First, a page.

If your company is taking this approach, marketers need to quickly take action around brand and product positioning. More likely than not, your company’s positioning originated with a focus on your first niche offering. But if you’re expanding, the pressure is on to establish a brand narrative that encapsulates a wider breadth of offerings, with a brand architecture and set of product narratives that map up to the big picture.
Within this growth strategy, job #1 for marketers should be protecting and growing brand equity. Focus on building relationships with internal product teams and aligning with your executive team to establish:
- Brand strategy and corporate narrative
- Brand architecture and product hierarchy
- Messaging by product and audience
Of course, customer growth is the obvious and ongoing imperative. Indeed, every customer contract increases valuation, even those still in negotiation. Your leadership team is in constant dialogue with investors around this, and we see heavy pressure on marketing teams to deliver an abundance of leads for quick sales conversions. And if you’ve done the due diligence on the right content and channels to reach this audience, then generating the right leads is very achievable.
Unfortunately, many organizations press the gas pedal on lead generation with emerging segments that aren’t fully understood, decision-makers that haven’t been pressure-tested, and outdated messaging. In this scenario, no matter what paid spend or PR efforts you put against it, you’re not going to get the ROI you want.
Pushing back on aggressive lead expectations can be difficult, so we recommend taking a step back and asking why. For example:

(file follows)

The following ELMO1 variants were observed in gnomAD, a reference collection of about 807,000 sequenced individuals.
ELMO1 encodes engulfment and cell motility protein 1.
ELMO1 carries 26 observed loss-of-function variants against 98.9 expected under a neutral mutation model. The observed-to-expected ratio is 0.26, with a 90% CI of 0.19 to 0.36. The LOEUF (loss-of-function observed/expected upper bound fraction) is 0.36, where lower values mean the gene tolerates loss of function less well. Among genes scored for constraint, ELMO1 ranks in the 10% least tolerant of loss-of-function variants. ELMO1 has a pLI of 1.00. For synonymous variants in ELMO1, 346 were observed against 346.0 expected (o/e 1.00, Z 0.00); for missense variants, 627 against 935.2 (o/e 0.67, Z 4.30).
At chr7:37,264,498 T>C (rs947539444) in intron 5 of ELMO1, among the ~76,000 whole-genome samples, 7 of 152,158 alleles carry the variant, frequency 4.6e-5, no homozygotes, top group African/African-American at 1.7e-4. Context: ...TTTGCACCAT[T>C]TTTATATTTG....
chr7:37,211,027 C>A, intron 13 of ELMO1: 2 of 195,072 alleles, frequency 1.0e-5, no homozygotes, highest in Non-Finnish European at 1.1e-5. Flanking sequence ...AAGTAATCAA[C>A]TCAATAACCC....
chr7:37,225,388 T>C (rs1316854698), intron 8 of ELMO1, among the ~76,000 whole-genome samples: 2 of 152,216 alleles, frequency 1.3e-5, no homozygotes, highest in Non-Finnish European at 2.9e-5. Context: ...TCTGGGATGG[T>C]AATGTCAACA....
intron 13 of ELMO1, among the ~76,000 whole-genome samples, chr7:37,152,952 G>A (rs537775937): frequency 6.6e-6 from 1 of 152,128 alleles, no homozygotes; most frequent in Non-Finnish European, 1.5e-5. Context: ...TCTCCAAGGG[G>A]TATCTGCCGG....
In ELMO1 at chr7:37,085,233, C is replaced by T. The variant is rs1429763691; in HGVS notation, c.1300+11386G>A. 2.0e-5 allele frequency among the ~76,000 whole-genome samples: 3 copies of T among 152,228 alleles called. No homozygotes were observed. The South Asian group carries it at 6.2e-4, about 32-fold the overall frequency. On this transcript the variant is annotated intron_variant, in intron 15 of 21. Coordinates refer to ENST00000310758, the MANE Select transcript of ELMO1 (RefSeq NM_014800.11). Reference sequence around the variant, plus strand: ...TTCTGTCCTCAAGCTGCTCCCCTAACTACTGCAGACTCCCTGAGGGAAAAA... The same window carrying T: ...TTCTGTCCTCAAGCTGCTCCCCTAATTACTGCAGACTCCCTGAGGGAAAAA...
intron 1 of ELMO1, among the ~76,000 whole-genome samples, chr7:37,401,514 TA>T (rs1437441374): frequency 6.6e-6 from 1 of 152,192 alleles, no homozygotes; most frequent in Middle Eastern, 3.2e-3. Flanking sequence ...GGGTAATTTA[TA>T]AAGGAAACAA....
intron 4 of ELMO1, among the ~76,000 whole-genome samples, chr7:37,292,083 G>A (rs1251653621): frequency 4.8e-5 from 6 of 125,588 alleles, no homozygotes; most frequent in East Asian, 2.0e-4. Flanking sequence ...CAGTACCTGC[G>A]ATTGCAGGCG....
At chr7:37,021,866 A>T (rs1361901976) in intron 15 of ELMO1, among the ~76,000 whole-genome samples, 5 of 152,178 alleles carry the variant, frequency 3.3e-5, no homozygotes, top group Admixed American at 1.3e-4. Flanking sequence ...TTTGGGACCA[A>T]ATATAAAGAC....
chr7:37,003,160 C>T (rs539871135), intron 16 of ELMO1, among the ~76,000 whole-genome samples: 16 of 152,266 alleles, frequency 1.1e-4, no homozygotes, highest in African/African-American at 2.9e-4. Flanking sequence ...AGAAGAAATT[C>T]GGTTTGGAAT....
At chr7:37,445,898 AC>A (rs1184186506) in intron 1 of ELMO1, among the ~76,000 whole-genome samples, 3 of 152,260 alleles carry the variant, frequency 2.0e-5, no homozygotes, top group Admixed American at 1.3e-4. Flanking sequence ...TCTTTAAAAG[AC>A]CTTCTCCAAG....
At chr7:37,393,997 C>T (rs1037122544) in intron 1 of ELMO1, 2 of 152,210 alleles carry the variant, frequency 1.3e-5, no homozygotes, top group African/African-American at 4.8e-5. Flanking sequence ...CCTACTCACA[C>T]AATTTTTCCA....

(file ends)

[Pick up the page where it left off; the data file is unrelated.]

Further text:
- What’s the revenue goal for the year? How many deals are required to hit that goal?
- What market are we prioritizing? What percentage of that market is an early adopter that’s ready for our solution?
- What’s the expected sales cycle? Do our prospects already have budget allocated to our type of solution, or do we need to educate them on the need and arm them to make the budget ask?
By quantifying the ask, marketers can get closer to the core of business strategy, and build credibility on alignment to growth goals. With your positioning and brand narrative in place, you will be the one leading the measurable growth of the organization. For those strategically engaged marketers, we often see them engaged in:
- Marketing and channel planning
- Audience-based content development
- CRM platform and marketing automation alignment
New market entry, product expansion, and customer growth are all viable pathways to increased scale and valuation, and each should be carefully considered in the context of business planning and marketing strategy. Tailored marketing around each is essential to get to the next stage of funding or exit.
For growth to be realized, the C-suite, marketing leadership, and agencies must all be aligned on what we’re trying to accomplish.